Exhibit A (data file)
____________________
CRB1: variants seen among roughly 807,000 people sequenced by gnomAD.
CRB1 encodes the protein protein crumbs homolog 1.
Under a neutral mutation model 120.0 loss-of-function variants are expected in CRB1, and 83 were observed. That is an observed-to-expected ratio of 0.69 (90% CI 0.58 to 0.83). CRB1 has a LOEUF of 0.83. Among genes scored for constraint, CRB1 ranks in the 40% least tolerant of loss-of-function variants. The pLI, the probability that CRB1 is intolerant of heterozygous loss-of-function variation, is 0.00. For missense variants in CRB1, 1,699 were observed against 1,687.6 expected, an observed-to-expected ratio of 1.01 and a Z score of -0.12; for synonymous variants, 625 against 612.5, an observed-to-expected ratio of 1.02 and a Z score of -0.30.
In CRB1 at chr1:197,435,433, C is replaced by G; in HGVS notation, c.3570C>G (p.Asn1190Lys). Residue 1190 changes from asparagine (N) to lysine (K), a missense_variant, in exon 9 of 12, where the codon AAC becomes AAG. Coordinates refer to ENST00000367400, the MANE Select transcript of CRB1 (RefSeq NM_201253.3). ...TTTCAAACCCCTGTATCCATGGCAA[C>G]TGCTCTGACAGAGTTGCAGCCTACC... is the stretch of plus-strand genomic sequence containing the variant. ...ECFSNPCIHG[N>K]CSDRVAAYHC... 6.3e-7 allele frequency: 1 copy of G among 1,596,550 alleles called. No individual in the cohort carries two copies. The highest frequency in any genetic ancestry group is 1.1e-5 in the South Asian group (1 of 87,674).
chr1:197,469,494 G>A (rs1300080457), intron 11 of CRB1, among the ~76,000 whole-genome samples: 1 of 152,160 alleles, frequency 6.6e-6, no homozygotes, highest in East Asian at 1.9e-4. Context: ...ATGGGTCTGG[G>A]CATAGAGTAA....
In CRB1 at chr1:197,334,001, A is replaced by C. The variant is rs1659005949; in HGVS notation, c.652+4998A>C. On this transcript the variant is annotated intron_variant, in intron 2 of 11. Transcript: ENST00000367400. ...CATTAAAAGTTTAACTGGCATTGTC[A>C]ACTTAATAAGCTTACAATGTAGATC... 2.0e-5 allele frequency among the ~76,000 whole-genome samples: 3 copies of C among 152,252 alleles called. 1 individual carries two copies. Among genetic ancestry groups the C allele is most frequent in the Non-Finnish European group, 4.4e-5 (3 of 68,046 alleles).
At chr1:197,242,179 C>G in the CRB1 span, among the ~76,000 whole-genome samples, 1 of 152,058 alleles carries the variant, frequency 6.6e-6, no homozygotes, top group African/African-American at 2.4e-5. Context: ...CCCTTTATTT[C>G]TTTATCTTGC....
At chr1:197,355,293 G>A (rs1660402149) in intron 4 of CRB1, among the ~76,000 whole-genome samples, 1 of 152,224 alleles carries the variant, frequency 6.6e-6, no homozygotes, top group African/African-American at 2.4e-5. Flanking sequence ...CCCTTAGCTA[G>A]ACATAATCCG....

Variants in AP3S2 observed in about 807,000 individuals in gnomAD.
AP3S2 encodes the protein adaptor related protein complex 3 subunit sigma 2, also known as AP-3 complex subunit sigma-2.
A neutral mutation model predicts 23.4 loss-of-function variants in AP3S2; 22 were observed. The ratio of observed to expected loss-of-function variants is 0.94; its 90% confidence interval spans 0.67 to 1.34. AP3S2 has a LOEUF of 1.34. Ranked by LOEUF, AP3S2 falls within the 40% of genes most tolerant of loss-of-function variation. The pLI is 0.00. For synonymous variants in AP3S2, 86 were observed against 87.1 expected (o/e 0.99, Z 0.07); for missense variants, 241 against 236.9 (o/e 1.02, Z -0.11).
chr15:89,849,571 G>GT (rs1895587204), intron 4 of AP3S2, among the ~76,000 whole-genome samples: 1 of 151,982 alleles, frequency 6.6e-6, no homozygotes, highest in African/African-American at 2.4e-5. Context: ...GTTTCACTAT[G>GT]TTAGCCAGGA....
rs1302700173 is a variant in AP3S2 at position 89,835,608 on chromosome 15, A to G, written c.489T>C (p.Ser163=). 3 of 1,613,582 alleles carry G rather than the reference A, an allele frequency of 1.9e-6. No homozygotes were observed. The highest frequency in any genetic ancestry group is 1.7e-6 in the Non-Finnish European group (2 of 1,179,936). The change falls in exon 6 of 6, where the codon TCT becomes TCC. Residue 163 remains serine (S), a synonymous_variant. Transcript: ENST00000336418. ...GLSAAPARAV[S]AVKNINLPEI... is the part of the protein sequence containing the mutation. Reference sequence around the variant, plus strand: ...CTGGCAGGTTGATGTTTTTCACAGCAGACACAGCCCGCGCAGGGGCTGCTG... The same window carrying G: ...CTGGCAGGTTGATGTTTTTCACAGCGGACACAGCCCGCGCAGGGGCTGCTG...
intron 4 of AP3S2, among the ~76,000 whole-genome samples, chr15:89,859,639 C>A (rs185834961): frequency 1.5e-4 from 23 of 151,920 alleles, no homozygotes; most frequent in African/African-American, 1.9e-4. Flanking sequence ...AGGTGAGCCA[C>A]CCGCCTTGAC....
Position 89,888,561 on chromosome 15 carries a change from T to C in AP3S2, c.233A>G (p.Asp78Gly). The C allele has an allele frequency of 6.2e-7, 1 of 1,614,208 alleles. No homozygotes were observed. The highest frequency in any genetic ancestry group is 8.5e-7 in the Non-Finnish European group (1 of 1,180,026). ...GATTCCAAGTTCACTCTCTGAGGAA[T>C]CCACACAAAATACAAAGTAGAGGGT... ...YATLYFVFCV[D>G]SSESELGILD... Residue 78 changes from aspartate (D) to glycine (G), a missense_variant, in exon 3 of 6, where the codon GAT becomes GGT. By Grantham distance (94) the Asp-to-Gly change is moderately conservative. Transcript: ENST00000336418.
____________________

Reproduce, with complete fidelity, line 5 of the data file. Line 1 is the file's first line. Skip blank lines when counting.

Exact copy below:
chr1:197,469,494 G>A (rs1300080457), intron 11 of CRB1, among the ~76,000 whole-genome samples: 1 of 152,160 alleles, frequency 6.6e-6, no homozygotes, highest in East Asian at 1.9e-4. Context: ...ATGGGTCTGG[G>A]CATAGAGTAA....